They always say that you can't judge a person until you walk a mile in their shoes. They say that you can't truly know some one until you become their shadow. I wish that the semi-intelligent human that came up with that saying never existed. That is correct; I am stooping low enough to state that I want someone to be erased from the world. This bitterness inhabits my very essence. Why? How did a girl like me become so invested in bitterness? What reason did I have?
On a chilly evening in March, I was sitting alone in my room with my normal, haunting music playing over the small speakers. The guitars crooned their melodies and the drums beat quietly. For the first time in my life, my mind started contemplating the future. I knew that time was creeping up on me like a cat does to a mouse, but I couldn't run as a mouse would. There were no holes to escape to, and no crevices to take refuge in. I had two years left in high school and I had accomplished nothing in life.
In the next few weeks, I delved steadily into the levels of depression. I thought about my parents, and how the divorce that occurred when I was eight, had to be a result of my bad behaviors. I reflected on the fact that my mother had fallen into the traps of alcohol, and other substance abuse. The way my dog looked when a truck had struck him in the street, the way that the electricity was shut off when mother was in a state, the looks that dad gave me when I went to visit him, the way that boys in school didn't give me a second glance, and the way that my friends were slowly drifting away were all signs that the world was falling apart. It was all a product of my failure. It was entirely my fault.
Everyone tried to give me advice. Movies and books try to make it seem that when someone is hurting, no one notices. This circumstance is only the truth when the person that is hurting tries to hide their pain. When that soul that is aching for something hides behind a plastic smile and pretty things, that is when the world is ignorant. When someone is so plainly dying inside, people become heroes. By that time, the damage is done. The person in pain can do nothing, but try with all their will to look at the sun, or give in.
My friends said, "It will get better." My mother handed me a joint. My father took me to seek medical attention, and the doctor wrote me a prescription for a sufficient amount of happy pills to take the edge off the world. There was one problem with this. When the world became fuzzy, it became bland. When everything was bland, it became sad. I couldn't escape. My counselor told me, "There are so many people that have it worse," but it did not matter what anyone said, or any quotes that people pulled off of the Internet. I was convinced that I couldn't be fixed, and that my life was wrong. I was worse off than any other teenager in the world. I felt like I was the only one who felt pain. I decided I would end it once and for all. I was done with the suffering, the pain, and the weakness. I didn't even think as I did it. My hand didn't twitch as I turned the key in the ignition of my mother's car in the garage. I let it rumble, and the fumes carried me into oblivion.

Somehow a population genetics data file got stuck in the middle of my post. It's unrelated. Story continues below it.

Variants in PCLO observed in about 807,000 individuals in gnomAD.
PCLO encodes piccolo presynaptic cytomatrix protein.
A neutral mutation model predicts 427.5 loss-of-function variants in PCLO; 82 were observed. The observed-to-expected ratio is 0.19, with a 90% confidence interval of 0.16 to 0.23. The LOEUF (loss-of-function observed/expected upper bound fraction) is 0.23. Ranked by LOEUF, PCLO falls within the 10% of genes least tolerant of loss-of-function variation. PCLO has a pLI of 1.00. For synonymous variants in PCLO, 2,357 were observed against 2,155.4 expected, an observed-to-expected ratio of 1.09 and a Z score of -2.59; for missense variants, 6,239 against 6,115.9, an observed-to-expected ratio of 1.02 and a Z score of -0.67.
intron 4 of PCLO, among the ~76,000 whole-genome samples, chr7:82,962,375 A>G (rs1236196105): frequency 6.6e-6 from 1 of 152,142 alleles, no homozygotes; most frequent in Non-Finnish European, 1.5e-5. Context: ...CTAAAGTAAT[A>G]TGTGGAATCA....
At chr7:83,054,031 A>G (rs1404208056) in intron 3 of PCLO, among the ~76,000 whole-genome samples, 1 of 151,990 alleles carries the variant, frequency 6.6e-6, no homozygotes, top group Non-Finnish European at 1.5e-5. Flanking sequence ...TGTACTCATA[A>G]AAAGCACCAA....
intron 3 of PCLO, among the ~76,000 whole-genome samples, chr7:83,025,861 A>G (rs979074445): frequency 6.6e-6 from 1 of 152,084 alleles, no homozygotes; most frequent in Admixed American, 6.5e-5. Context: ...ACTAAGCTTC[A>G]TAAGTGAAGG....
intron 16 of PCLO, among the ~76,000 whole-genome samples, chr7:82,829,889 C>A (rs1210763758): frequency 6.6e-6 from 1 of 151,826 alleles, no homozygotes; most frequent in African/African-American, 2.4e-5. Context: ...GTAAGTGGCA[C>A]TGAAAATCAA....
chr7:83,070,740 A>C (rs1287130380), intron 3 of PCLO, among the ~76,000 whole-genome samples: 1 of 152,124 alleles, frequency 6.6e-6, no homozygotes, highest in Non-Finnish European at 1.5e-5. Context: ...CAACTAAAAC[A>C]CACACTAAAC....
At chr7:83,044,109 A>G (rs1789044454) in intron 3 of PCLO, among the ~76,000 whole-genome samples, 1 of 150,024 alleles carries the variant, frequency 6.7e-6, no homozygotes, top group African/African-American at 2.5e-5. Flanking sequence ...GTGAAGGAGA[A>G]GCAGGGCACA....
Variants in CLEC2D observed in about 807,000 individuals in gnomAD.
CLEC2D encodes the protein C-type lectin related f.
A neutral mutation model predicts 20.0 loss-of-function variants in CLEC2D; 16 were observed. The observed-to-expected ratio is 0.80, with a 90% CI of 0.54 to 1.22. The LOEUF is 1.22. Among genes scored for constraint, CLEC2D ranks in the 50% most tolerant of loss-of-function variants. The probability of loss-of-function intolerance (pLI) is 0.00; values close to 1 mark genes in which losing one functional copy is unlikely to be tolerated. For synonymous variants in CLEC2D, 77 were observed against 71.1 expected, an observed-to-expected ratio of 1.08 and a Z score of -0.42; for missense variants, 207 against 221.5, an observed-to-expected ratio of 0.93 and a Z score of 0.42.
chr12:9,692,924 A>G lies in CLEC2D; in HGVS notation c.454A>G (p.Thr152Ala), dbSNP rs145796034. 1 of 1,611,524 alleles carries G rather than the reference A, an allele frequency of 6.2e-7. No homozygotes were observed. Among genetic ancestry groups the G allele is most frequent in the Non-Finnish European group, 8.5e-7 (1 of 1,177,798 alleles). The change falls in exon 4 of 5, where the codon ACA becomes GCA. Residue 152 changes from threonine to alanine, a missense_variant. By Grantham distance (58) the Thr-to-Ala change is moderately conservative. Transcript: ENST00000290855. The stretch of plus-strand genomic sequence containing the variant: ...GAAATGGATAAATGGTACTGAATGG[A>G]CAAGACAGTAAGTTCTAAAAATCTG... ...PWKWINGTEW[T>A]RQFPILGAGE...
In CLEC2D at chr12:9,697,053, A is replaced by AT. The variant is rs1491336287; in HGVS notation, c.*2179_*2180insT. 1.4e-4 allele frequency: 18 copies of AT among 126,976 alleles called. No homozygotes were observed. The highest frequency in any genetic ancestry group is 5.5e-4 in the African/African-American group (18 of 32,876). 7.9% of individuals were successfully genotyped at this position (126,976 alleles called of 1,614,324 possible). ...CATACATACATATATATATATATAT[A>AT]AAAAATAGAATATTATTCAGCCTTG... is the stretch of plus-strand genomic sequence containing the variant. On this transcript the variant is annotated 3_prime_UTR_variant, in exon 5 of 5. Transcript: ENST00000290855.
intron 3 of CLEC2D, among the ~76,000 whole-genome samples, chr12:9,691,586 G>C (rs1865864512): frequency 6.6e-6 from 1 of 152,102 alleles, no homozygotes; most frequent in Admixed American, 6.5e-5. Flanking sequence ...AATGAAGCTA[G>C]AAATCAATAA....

When I awoke, my first thought was why on earth would I still be awake? My second thought was why couldn't I move? I was laying on a floor of tile, looking up at a strange boy sitting on what resembled a kitchen chair. As my mind continued to defog, I realized he was alone in the damp morning. It was almost time for a boy of his age to be at school, but he was dressed in dirty clothes, and boots. I realized that as he moved to get up, I slithered along the floor behind him. He traveled to the kitchen counter, unaware of me sliding along. I saw his hand go to a picture of a man and a woman. They were holding each other, and they looked happy. A tear slid down the boy's face, and I immediately made up a synopsis of what must have happened. The boy's parents had died, and he had to work to keep himself from going into an orphanage.
My heart throbbed, and my body drifted behind him for the whole day. I saw his sorrow, his suffering, and the work he put in to overcome it. He was strong, and I wished I had the strength to overcome such an ordeal. I knew I would never amount to this boy, but I looked up to him. When he went to bed that night, my body floated beneath him, and as he closed his eyes, everything went black.
This went on for what seemed like a year of days. I became a different stranger's shadow every time one went to sleep. I saw a girl who was beaten with such ferocity by her father that she couldn't see straight, but still got up to take care of her injured siblings. I followed a boy who was raped by a strange woman, and then was shunned for complaining about it. I was the shadow of a girl who had no legs, and a boy whose face was disfigured from burns. One day, I woke up for the very last time.
I was in a hospital bed. I could hear the I.V. dripping into my arm, and I could hear voices at my side. I was amazed that I could move my fingers. I could actually control my body, even if it ached all over. I forced my eyes open, and I saw my mother and my father. They were holding each other, and looking worried for me. Mother looked sober. I closed my eyes again, and all of the other kids that I had shadowed flashed through my mind. At that moment, I made a promise. I made a vow against self-pity. I knew that things were not as bad as they could be, and that I could get over anything. I opened my eyes again, and the world glowed with a whole, new light.